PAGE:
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Sunday, 23 October 2016

Unexpectedly Loving Folk Music

Last week I went to a wonderful concert at the National Centre for Early Music, happily for me located in York. I've been to many types of concert there over the years, from Jazz to Klezmer through Classical, but I don't think I'd ever attempted English Folk Music. This is a genre that I can usually take only in small quantities, as I tend to find mock west country accents singing about fair maidens a bit tedious. And some folk songs can sound extremely repetitive. Once, in a pub in Whitby during the Folk Festival (my presence in the town at that particular time was completely accidental), I had to endure an especially grating song that repeated over and over without any apparent variation or development. When the band finally came to a stop, one of the musicians carried on playing for a few notes, proving my point, I feel.

So when I saw Kathryn Tickell and the Side advertised as folk music in the NCEM's brochure, I was initially doubtful. But then I found out that she had played with The Penguin Cafe Orchestra. Aha! Now that's music I do know I enjoy! I got her latest album, loved it, and bought my ticket.

Although not knowing much about Folk Music, over the years I have discerned a connection between it and real ale, so I began the evening by purchasing a bottle at the bar. In the spirit of embracing the new, I picked a beer I'd never heard of called Mostly Ghostly, and went off with my bottle and glass to find a seat. Once sat down I put on my glasses (sad, but increasingly necessary) so I could read the label on the bottle: "York Brewery and the Chilli Jam Man present..."

Uh oh.

And I thought I'd learned to read beer before I pay for it.

Yes, it was everything you would have expected from 5.4% real ale flavoured with chillies, combining two things both notorious for their ability to get things moving to produce an effect that lasted well into the next morning. Although a very well crafted ale, I have to admit that my favourite beer aftertaste is not "hot". In the second half I washed the memory away with a bottle of Wold Top Brewery (this time checking the label for surprises).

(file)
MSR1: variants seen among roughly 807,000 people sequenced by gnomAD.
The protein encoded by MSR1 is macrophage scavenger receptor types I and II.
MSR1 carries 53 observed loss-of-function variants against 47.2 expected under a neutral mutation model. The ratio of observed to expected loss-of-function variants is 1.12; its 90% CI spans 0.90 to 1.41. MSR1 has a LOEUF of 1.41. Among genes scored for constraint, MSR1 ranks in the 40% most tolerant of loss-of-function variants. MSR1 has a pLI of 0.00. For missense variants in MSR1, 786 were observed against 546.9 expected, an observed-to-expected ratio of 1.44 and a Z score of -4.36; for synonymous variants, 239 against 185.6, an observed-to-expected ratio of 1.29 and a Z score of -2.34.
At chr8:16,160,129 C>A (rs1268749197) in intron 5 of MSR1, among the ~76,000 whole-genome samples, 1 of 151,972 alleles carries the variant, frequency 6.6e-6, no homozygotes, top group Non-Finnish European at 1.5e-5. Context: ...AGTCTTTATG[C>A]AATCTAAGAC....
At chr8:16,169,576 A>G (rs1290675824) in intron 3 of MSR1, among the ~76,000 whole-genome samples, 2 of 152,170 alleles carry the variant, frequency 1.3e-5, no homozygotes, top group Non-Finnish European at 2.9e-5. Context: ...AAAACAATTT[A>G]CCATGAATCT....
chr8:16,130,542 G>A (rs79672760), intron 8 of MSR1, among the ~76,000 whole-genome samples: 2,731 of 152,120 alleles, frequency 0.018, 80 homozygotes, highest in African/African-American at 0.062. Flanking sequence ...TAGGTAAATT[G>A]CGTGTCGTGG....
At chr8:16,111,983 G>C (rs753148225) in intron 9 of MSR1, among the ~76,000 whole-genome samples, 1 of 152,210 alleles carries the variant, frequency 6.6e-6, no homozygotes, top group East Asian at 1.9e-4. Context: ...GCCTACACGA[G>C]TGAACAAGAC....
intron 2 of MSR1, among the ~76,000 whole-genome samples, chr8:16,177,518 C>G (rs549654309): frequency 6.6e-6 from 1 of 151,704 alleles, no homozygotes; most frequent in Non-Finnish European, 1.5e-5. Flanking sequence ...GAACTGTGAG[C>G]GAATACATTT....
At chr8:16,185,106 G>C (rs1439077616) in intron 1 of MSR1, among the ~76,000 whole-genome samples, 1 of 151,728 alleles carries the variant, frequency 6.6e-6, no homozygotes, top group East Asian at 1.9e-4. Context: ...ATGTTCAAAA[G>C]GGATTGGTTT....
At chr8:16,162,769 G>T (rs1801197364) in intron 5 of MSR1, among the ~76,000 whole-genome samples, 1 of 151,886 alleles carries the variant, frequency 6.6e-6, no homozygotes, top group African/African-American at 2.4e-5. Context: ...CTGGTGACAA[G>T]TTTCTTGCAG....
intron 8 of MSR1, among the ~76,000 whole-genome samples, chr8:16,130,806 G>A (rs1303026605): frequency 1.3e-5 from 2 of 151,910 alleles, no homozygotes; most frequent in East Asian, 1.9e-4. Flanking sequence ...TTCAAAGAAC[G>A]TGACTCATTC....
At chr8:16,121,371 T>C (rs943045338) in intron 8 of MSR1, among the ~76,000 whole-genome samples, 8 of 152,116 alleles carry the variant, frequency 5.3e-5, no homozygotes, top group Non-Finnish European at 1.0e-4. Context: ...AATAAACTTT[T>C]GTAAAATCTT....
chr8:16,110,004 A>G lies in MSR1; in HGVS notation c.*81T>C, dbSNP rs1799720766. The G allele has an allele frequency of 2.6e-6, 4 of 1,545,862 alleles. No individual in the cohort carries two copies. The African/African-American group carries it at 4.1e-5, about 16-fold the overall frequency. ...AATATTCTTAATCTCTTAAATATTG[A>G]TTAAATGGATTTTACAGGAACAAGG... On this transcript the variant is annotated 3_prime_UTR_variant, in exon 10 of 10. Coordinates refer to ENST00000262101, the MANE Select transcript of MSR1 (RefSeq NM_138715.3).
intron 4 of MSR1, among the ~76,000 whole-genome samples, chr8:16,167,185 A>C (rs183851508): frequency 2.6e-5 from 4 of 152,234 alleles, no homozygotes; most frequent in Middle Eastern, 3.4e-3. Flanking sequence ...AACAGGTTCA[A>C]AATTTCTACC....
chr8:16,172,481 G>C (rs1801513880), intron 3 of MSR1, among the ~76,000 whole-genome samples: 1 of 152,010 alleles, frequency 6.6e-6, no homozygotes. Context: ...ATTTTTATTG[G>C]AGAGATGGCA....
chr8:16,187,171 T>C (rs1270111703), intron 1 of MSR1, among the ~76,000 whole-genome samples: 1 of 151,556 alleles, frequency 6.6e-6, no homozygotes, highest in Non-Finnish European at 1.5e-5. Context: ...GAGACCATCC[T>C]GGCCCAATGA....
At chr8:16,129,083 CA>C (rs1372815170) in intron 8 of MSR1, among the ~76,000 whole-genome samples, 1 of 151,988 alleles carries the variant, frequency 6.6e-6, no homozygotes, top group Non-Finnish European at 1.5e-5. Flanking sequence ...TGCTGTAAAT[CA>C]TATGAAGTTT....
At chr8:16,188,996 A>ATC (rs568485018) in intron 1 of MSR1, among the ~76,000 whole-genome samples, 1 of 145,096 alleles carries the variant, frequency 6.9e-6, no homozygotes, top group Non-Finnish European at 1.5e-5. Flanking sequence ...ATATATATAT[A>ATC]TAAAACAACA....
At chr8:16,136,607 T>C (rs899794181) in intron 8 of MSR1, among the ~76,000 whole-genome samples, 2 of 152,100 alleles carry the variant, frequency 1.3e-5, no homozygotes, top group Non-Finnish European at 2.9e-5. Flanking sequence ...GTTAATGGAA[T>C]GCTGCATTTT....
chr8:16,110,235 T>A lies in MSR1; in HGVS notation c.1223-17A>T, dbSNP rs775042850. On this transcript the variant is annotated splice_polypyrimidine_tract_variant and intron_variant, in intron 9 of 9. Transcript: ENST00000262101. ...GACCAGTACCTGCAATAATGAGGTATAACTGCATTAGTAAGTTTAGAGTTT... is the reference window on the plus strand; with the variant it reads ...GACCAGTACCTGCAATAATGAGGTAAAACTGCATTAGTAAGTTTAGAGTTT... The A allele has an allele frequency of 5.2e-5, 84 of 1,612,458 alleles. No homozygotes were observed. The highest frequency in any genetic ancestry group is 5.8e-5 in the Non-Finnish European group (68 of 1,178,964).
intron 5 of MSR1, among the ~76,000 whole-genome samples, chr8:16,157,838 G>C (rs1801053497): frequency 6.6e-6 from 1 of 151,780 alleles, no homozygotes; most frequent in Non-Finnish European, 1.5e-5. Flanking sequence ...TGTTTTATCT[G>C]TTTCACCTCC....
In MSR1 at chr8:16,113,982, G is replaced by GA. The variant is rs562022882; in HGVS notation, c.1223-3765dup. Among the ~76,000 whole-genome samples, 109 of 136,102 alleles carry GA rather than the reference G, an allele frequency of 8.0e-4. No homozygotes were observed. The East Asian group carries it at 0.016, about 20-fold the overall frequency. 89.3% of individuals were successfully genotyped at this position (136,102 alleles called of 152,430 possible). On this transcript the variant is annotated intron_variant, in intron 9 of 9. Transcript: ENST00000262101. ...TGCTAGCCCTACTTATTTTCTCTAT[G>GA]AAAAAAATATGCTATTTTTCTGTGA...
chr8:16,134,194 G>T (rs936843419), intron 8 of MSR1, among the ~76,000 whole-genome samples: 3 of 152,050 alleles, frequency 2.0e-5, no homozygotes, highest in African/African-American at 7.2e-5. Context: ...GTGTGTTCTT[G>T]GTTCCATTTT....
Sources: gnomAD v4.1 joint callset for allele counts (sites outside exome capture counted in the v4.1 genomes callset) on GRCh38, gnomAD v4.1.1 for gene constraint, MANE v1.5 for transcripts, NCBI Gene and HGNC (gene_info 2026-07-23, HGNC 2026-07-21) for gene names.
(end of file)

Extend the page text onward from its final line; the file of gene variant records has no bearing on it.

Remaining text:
It was nice to see that the concert was sold out. I've been to shows there where they've had to put out tables "caberet-style" to disguise the lack of customers, but not this time. Agewise, though, I was one of the younger attendees, which is sad, as this music has so much to offer. The band is a quartet, featuring cello, piano accordion, harp, and Kathryn Tickell herself on fiddle and Northumbrian pipes. I really like this last instrument (the others are great too), which came as a surprise, as the Scottish bagpipes are one of my least favourite musical instruments. The quality of their playing was superb, and their love for the music really shone out. The clog dancing was a nice touch, too.

From now on I will make more of an effort to listen to Folk Music, as there is clearly much that I would enjoy. I start off with Kathryn Tickell's pleasingly extensive back catalogue.